Why Don’t Governing Boards Rein in College Costs?

Public higher education was once America’s great enabler, permitting young people from lower-class backgrounds to attend college for very little money and to rise as far as their abilities and drives would take them. That may no longer be the case, according to economists James Koch and Richard Cebula. In their 2020 book, Runaway College … Continue reading “Why Don’t Governing Boards Rein in College Costs?”

New Study Analyzes the High Cost of College

TANSTAAFL. There Ain’t No Such Thing As A Free Lunch. That’s the pithy way that economists convey the idea that there are always costs associated with the goods and services we consume. Some resources, if only our time, had to be expended so we could enjoy them. Despite foolish talk from politicians about giving us … Continue reading “New Study Analyzes the High Cost of College”

Biden Could Shake Up Higher Ed—If He Doesn’t Endorse the Status Quo

Now that President Biden has been sworn in as the 46th president, he wants to hit the ground running and attend to urgent priorities. One of his first moves was to extend student loan payment deferrals until October, buying time for further reforms to America’s higher education system. Deferrals will be one small part of … Continue reading “Biden Could Shake Up Higher Ed—If He Doesn’t Endorse the Status Quo”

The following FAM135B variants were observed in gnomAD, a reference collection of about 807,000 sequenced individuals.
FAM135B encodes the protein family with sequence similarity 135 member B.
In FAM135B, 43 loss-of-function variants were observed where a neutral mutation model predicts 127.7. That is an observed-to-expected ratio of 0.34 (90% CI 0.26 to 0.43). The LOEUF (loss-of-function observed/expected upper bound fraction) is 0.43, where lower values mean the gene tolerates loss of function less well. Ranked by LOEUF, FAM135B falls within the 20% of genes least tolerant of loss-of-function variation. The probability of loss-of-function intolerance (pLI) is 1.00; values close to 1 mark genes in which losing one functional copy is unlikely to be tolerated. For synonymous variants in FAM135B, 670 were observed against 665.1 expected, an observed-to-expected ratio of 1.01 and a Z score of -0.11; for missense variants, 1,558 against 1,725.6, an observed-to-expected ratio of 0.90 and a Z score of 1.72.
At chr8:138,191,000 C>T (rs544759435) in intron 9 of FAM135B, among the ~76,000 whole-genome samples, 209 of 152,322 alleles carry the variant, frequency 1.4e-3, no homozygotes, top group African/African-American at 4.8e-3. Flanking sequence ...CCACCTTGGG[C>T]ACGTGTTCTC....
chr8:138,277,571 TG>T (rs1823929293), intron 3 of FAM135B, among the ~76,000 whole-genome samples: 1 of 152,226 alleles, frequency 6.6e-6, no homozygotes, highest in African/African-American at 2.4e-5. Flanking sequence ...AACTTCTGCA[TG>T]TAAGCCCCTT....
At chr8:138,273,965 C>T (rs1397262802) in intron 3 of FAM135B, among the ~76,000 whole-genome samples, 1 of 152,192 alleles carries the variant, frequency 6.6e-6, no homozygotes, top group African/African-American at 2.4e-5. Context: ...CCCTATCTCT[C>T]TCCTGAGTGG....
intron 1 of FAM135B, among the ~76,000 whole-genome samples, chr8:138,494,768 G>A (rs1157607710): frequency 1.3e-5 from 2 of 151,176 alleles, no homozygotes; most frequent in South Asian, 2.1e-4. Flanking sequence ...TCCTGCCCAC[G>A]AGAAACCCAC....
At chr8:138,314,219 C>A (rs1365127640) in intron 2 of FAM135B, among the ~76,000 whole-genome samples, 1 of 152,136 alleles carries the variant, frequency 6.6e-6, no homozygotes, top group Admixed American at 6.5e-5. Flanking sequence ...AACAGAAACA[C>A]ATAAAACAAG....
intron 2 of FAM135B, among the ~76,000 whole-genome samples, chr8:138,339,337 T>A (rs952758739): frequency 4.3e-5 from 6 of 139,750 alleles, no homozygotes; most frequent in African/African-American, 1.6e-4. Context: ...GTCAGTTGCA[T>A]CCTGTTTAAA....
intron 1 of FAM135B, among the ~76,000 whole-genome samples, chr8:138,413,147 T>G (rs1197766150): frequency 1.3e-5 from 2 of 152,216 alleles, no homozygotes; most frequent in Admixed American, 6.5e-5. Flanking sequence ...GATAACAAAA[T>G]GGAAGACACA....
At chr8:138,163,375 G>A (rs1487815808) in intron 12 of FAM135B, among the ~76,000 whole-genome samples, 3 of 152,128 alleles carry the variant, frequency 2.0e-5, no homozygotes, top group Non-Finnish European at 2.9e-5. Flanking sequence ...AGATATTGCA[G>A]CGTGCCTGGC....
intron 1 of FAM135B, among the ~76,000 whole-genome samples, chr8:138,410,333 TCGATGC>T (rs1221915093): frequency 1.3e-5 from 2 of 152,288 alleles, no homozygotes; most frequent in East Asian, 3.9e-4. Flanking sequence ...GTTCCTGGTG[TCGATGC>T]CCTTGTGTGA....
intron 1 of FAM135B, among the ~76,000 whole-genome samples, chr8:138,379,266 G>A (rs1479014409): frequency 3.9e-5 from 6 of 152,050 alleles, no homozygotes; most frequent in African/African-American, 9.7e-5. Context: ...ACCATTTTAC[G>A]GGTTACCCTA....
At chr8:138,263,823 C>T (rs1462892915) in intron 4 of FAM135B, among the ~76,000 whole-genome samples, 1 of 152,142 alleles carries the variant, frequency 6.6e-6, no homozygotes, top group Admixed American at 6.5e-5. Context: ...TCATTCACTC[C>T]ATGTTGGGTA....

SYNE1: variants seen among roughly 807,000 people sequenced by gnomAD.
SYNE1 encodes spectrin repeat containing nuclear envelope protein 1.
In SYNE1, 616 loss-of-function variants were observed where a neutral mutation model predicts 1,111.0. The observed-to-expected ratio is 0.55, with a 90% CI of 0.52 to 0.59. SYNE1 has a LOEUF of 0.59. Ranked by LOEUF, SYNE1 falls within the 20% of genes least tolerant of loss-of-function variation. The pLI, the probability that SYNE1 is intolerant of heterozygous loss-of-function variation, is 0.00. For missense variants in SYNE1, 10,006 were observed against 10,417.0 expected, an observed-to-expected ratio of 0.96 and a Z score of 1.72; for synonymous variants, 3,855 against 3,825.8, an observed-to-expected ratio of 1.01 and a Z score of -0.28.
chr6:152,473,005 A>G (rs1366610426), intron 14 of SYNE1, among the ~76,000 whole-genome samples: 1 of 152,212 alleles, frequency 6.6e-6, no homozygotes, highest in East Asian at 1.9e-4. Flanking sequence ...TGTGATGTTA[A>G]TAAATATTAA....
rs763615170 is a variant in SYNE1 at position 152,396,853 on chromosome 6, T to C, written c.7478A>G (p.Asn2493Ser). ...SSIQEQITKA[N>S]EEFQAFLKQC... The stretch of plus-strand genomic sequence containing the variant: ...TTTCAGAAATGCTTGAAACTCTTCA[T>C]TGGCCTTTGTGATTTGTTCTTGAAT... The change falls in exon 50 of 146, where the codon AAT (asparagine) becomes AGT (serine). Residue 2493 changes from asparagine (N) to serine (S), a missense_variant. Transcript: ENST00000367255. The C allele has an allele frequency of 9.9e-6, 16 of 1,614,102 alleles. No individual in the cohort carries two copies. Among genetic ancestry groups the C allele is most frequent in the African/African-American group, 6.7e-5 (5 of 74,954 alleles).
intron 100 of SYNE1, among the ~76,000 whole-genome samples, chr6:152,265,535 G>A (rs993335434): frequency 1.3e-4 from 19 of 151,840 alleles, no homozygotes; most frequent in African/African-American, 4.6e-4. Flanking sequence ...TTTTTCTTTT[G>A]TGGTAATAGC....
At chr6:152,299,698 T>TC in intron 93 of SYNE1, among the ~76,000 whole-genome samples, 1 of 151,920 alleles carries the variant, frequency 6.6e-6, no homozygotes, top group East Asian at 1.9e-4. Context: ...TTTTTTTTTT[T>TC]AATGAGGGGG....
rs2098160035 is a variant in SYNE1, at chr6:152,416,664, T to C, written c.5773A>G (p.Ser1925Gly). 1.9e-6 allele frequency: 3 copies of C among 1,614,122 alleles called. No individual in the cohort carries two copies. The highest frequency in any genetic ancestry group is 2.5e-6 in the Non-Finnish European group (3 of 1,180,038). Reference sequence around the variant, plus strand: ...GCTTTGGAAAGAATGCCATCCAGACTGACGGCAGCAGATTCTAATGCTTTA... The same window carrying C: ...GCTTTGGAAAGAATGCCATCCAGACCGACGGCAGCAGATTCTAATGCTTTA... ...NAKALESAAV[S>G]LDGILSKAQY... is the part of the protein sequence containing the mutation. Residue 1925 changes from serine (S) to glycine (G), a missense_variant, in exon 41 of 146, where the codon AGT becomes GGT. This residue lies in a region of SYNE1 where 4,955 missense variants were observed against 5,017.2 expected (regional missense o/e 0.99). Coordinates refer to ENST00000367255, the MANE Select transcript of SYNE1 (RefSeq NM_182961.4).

Did You Know? The Ever-Increasing Sticker Price of College Tuition

College tuition increases across the country have shown no sign of slowing down. According to the National Center for Education Statistics, the sticker price of tuition (before discounts and student aid) for all institutions was $4,885 in 1985; by 2018, it was $23,835, a 387 percent increase. That’s a dramatic increase over a few decades. … Continue reading “Did You Know? The Ever-Increasing Sticker Price of College Tuition”

Russell Kirk on Higher Education

Russell Kirk isn’t known as a policy wonk. The Great Books, not the mathematical or statistical models of economic technicians, were his organon of choice. He devoted essays to broad, perennial themes like “the moral imagination,” “liberal learning,” and “the permanent things.” Read his numerous columns about higher education, however, and you might come away … Continue reading “Russell Kirk on Higher Education”

It is possible to control college costs—and I did it

Many college leaders speak as though the upward cost spiral is permanent and unavoidable. From experience, I can say that’s not true.

Tuition increases at American colleges began in earnest in the 1960s and ’70s, when I was a mathematics professor and later dean at C.W. Post College. The first changes driving the increases were the reductions in teaching loads.